Tropical systems are dangerous and a way of life
Growing up along the Alabama Gulf Coast, getting ready for and surviving hurricane season was a way of life for me.
Each year, my parents would put together a storm kit that included flash lights, batteries, candles, other stuff, more stuff, and cans of deviled ham and chicken spread. Yes, those last two items were a must and were hands-off unless in case of an emergency.
To this day, my mouth waters at the thought of a deviled ham sandwich with mustard, something I am sure would not conform with any healthy diet today.
Each night during the local evening news, the meteorologists would give updates on any developments in the tropics or “waves” coming off the coast of Africa. I was familiar with the normal tracts of storms as they made their way across the Atlantic into the Caribbean and could gage whether or not a storm was worth worrying about depending on whether it traveled south of Cuba or raced across the Straits of Florida.
At the start of hurricane season in early June, The Mobile Press-Register would publish a large, tracking chart that showed the Caribbean and the Gulf of Mexico, all the way down to the Yucatan Peninsula. The chart was broken down into grids segmented by longitude and latitude.
My paternal grandfather, Daddy Bob, would cut that grid out, paste it to a piece of cardboard and set it down next to a small box of push pins to the side of his chair.
As storms would start to develop and make their way closer to the Gulf of Mexico, our local meteorologists would give regular updates, complete with coordinates. As storms grew closer and approached areas displayed on the chart, my grandfather would pick up his cardboard tracking chart, pull out a push pin and mark the location. Then he would comment on how fast the storm was moving, which direction it had shifted, etc. in a way that only a man of his experience — with no training in meteorology — would feel comfortable doing.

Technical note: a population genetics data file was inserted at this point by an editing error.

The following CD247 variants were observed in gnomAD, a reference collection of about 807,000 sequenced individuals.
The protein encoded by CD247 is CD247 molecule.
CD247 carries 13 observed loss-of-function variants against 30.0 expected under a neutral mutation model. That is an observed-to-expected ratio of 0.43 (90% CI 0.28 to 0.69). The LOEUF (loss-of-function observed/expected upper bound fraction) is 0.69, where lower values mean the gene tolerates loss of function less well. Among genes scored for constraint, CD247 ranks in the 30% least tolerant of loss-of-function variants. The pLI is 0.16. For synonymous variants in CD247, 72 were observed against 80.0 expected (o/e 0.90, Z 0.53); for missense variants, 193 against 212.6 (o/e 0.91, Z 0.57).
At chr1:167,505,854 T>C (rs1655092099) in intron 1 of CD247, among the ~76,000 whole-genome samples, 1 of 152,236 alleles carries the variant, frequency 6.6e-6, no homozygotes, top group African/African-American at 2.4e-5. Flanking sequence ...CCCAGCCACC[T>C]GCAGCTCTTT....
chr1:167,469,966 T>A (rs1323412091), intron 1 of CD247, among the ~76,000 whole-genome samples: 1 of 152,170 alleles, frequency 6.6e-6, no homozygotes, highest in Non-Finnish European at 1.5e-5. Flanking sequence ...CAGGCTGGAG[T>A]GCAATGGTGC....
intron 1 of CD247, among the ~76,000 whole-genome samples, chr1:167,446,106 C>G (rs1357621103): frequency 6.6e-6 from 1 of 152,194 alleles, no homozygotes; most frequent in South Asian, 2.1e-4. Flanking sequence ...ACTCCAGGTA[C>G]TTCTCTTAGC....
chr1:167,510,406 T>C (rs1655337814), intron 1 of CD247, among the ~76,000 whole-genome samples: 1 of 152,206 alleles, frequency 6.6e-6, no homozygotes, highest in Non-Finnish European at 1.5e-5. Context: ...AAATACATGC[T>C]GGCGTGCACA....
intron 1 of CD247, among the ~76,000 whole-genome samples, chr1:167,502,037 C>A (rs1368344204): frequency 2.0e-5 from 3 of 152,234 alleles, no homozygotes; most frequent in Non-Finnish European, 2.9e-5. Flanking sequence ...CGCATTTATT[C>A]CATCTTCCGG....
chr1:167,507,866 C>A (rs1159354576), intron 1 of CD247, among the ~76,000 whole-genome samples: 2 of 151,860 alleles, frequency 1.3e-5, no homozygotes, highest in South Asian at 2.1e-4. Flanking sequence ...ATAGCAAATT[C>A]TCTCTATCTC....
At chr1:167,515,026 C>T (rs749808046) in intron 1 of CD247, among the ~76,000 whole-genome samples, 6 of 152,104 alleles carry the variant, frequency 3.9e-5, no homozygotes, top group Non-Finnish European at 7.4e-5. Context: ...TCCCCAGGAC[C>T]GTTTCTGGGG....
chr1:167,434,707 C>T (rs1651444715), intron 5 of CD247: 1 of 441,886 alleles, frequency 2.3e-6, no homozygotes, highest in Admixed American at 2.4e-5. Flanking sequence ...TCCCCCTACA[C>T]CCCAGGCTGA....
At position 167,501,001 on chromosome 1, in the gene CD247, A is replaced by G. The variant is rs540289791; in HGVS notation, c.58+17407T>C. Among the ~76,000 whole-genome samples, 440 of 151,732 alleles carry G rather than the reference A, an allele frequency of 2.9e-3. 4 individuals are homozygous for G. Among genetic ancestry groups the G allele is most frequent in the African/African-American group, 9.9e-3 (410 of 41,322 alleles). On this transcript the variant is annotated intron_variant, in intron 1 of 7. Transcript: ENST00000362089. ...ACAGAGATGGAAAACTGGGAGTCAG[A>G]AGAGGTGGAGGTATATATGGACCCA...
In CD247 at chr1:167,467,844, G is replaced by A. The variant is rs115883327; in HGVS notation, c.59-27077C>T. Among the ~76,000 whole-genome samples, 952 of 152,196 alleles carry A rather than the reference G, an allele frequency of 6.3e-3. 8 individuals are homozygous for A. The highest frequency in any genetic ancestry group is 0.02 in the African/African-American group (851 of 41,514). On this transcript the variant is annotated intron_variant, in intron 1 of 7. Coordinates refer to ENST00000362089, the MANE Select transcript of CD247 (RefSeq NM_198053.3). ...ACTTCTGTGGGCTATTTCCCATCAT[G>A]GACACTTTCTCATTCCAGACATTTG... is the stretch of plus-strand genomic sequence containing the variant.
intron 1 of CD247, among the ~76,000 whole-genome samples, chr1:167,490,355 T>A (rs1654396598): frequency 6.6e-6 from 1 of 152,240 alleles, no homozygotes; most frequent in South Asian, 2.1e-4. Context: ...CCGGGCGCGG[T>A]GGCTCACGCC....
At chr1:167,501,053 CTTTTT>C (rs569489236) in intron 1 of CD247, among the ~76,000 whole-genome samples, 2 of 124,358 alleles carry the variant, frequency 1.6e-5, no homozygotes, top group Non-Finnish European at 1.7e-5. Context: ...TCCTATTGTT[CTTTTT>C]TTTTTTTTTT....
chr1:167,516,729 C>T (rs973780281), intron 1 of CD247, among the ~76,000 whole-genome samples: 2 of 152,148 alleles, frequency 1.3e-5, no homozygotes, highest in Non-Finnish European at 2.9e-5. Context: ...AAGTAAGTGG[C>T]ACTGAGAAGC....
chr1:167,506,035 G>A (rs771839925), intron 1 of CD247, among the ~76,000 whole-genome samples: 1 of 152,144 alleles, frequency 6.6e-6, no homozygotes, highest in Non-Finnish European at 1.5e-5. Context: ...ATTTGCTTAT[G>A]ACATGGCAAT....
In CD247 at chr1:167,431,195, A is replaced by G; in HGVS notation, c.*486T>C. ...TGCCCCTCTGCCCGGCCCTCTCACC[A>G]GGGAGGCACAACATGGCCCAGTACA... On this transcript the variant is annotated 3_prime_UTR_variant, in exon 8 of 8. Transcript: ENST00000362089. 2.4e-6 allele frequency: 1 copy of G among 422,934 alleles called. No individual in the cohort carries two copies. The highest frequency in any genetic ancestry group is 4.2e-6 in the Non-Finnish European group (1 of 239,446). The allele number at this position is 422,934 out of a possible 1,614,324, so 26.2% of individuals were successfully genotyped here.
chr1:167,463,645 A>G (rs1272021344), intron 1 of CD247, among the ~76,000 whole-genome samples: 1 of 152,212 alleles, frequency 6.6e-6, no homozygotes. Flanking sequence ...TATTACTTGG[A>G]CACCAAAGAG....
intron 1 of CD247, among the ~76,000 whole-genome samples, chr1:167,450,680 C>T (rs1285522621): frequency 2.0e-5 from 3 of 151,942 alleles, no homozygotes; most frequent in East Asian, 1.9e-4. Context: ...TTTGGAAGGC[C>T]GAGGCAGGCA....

He would continue this routine each evening until the tropical storm or hurricane dissipated.
Long before the days of the internet or 24-hour news channels, the updates from local television stations were must-see news. I can remember my parents telling me to be quiet as the next update was announced.
For those of us who have lived along the gulf coast and continue to call the South home, hurricane season is a way of life; it affects everything we do, from how we prepare our storm kits to how we glue ourselves to updates from the National Weather Service and Jim Cantore’s travel agent.
As far as tropical storms go, Barry is par for the course. But let’s guard ourselves from allowing our familiarity with such weather to incline us to take it lightly. Storms like Barry can be serious and dangerous and it is important to monitor them until the coast is clear.
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